The $1.4 million Wendy Schmidt Oil Cleanup X CHALLENGE is a competition designed to inspire a new generation of innovative solutions that will speed the pace of cleaning up seawater surface oil resulting from spillage from ocean platforms, tankers, and other sources. This X CHALLENGE began on August 1, 2010 and culminates this summer with head-to-head competitive demonstrations. A $1 million prize will be awarded to the team that demonstrates the ability to recover oil on the sea surface at the highest Oil Recovery Rate (ORR) and the highest Oil Recovery Efficiency (ORE). To learn more, click here. This prize is made possible by a generous grant from Wendy Schmidt.
Wendy Schmidt Ocean Health X PRIZE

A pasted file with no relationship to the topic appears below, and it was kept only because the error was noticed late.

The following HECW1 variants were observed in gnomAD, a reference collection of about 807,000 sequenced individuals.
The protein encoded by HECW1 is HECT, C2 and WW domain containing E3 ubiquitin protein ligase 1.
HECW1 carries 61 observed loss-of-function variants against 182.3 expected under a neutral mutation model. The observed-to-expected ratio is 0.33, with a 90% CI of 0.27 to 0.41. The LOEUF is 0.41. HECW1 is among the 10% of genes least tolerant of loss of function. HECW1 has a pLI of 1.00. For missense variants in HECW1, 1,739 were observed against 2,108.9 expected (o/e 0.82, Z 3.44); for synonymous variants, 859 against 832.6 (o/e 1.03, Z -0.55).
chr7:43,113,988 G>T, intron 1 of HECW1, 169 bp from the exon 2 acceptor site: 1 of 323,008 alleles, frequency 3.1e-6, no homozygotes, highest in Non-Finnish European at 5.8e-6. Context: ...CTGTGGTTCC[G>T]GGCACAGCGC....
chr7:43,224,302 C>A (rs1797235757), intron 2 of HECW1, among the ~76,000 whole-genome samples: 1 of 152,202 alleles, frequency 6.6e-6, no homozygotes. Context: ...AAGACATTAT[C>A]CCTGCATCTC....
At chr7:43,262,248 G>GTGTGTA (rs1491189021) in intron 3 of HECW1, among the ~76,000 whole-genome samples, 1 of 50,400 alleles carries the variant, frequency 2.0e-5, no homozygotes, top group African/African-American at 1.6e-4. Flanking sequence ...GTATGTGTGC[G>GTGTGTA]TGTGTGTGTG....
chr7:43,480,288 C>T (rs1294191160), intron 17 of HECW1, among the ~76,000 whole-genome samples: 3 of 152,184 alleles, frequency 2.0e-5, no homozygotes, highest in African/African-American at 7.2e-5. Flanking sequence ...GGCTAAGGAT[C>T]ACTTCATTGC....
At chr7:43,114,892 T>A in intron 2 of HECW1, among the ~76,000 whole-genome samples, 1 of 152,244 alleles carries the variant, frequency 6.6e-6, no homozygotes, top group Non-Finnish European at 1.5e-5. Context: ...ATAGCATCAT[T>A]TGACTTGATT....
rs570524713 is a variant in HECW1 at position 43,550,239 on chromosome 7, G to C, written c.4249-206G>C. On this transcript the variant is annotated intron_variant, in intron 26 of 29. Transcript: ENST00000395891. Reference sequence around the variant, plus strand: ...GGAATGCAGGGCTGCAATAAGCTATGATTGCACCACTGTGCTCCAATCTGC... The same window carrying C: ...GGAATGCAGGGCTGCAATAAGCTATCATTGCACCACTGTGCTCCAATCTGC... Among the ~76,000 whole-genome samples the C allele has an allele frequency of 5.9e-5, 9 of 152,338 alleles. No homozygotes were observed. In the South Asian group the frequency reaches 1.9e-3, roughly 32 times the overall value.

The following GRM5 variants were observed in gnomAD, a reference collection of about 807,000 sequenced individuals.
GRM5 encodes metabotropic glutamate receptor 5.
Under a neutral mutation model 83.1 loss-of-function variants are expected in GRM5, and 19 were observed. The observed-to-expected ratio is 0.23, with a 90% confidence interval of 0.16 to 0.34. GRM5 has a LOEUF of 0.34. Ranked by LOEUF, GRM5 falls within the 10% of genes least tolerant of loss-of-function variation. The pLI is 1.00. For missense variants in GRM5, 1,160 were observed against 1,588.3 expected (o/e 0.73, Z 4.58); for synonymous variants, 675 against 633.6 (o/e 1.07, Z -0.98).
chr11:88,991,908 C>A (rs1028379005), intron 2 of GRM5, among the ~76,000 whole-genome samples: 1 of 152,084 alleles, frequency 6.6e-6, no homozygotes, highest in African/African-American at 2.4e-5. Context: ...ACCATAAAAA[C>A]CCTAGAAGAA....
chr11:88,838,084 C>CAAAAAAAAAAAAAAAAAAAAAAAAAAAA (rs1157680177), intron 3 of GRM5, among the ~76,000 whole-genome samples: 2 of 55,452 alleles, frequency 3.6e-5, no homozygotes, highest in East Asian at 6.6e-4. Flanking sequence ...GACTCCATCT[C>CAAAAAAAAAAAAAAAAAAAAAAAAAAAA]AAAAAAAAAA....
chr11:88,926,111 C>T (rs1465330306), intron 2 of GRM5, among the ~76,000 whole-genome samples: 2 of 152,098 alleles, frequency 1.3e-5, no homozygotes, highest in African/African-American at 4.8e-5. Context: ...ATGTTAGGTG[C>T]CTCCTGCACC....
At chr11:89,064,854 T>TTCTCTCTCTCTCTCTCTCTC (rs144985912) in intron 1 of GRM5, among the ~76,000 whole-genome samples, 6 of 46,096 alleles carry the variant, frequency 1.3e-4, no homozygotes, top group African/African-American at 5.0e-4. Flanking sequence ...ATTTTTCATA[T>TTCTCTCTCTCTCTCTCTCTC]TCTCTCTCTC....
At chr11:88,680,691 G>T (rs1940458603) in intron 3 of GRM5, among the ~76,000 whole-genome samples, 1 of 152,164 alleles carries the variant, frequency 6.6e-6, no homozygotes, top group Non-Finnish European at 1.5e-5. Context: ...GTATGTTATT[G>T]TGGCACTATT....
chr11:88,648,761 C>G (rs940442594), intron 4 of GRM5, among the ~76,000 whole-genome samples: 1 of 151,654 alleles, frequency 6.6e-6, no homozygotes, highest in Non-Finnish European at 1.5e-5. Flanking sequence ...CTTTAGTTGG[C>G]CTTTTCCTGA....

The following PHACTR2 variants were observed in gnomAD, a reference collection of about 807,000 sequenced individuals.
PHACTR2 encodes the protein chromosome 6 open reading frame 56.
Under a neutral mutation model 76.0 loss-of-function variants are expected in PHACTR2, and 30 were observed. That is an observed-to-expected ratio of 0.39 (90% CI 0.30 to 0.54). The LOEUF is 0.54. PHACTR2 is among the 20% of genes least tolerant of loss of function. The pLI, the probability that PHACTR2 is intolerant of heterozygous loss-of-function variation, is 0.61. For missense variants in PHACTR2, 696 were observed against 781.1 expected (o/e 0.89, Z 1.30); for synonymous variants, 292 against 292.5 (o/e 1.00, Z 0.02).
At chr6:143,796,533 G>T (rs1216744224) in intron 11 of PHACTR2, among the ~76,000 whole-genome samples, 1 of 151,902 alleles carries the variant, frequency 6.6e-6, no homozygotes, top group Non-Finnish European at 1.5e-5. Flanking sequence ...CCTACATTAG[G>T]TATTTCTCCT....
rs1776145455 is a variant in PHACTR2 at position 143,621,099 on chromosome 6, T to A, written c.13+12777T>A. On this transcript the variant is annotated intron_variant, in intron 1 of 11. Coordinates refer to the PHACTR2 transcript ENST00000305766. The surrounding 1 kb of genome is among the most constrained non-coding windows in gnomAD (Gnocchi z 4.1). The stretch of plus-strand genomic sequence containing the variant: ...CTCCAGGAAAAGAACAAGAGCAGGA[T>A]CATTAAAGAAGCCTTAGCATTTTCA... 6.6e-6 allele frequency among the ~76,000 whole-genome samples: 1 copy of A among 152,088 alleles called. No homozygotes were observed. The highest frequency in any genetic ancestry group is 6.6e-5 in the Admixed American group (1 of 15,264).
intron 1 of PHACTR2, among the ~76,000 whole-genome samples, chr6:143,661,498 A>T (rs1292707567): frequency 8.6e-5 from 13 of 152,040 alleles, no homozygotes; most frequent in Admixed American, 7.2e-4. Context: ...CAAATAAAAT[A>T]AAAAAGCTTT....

A healthy ocean is essential to a healthy planet. But our oceans are currently in the midst of a silent crisis. Rising levels of carbon are causing quiet, but catastrophic, changes in our oceans’ chemistry, which can only lead to our waters becoming unsustainable for the coral reefs and sea life that we depend upon for our very own survival. Monitoring and understanding this troubling problem is critical to solving it, but pH sensory technology that can affordably, accurately, and efficiently measure at the deepest depths does not yet exist. The Wendy Schmidt Ocean Health X PRIZE will be a $1.5 million competition that challenges individuals and teams around the world to build and demonstrate advanced pH sensor technology that will allow us to stem the tide of this chemical imbalance, and return our oceans and sea life to a state of prolonged health.